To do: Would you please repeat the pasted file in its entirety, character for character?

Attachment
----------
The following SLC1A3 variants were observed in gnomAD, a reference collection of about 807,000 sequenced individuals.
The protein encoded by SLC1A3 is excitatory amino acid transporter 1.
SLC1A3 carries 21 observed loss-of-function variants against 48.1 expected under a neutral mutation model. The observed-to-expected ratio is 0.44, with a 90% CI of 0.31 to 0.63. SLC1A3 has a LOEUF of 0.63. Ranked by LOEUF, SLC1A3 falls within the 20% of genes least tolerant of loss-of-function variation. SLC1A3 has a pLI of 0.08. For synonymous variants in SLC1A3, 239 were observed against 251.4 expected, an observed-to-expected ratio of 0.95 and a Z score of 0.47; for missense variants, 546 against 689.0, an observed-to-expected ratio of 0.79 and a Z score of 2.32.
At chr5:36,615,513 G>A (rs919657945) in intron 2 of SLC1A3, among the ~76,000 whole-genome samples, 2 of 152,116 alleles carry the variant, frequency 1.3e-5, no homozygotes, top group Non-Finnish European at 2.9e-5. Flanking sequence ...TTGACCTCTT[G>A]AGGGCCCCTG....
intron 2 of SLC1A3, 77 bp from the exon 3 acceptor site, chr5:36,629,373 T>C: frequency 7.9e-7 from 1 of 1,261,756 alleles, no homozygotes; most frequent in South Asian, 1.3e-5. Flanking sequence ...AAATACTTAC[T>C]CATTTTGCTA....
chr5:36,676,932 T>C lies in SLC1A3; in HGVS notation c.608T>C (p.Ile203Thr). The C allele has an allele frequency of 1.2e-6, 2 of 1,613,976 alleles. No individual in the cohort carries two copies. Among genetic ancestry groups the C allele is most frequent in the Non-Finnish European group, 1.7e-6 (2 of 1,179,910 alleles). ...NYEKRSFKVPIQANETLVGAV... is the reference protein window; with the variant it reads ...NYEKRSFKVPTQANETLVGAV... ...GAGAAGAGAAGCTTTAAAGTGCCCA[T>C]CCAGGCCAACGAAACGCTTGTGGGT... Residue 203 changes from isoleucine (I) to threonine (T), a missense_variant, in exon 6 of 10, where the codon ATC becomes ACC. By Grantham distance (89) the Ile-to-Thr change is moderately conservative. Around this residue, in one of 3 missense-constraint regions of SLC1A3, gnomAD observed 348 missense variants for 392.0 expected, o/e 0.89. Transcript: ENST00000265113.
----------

The following SLC1A3 variants were observed in gnomAD, a reference collection of about 807,000 sequenced individuals.
The protein encoded by SLC1A3 is excitatory amino acid transporter 1.
SLC1A3 carries 21 observed loss-of-function variants against 48.1 expected under a neutral mutation model. The observed-to-expected ratio is 0.44, with a 90% CI of 0.31 to 0.63. SLC1A3 has a LOEUF of 0.63. Ranked by LOEUF, SLC1A3 falls within the 20% of genes least tolerant of loss-of-function variation. SLC1A3 has a pLI of 0.08. For synonymous variants in SLC1A3, 239 were observed against 251.4 expected, an observed-to-expected ratio of 0.95 and a Z score of 0.47; for missense variants, 546 against 689.0, an observed-to-expected ratio of 0.79 and a Z score of 2.32.
At chr5:36,615,513 G>A (rs919657945) in intron 2 of SLC1A3, among the ~76,000 whole-genome samples, 2 of 152,116 alleles carry the variant, frequency 1.3e-5, no homozygotes, top group Non-Finnish European at 2.9e-5. Flanking sequence ...TTGACCTCTT[G>A]AGGGCCCCTG....
intron 2 of SLC1A3, 77 bp from the exon 3 acceptor site, chr5:36,629,373 T>C: frequency 7.9e-7 from 1 of 1,261,756 alleles, no homozygotes; most frequent in South Asian, 1.3e-5. Flanking sequence ...AAATACTTAC[T>C]CATTTTGCTA....
chr5:36,676,932 T>C lies in SLC1A3; in HGVS notation c.608T>C (p.Ile203Thr). The C allele has an allele frequency of 1.2e-6, 2 of 1,613,976 alleles. No individual in the cohort carries two copies. Among genetic ancestry groups the C allele is most frequent in the Non-Finnish European group, 1.7e-6 (2 of 1,179,910 alleles). ...NYEKRSFKVPIQANETLVGAV... is the reference protein window; with the variant it reads ...NYEKRSFKVPTQANETLVGAV... ...GAGAAGAGAAGCTTTAAAGTGCCCA[T>C]CCAGGCCAACGAAACGCTTGTGGGT... Residue 203 changes from isoleucine (I) to threonine (T), a missense_variant, in exon 6 of 10, where the codon ATC becomes ACC. By Grantham distance (89) the Ile-to-Thr change is moderately conservative. Around this residue, in one of 3 missense-constraint regions of SLC1A3, gnomAD observed 348 missense variants for 392.0 expected, o/e 0.89. Transcript: ENST00000265113.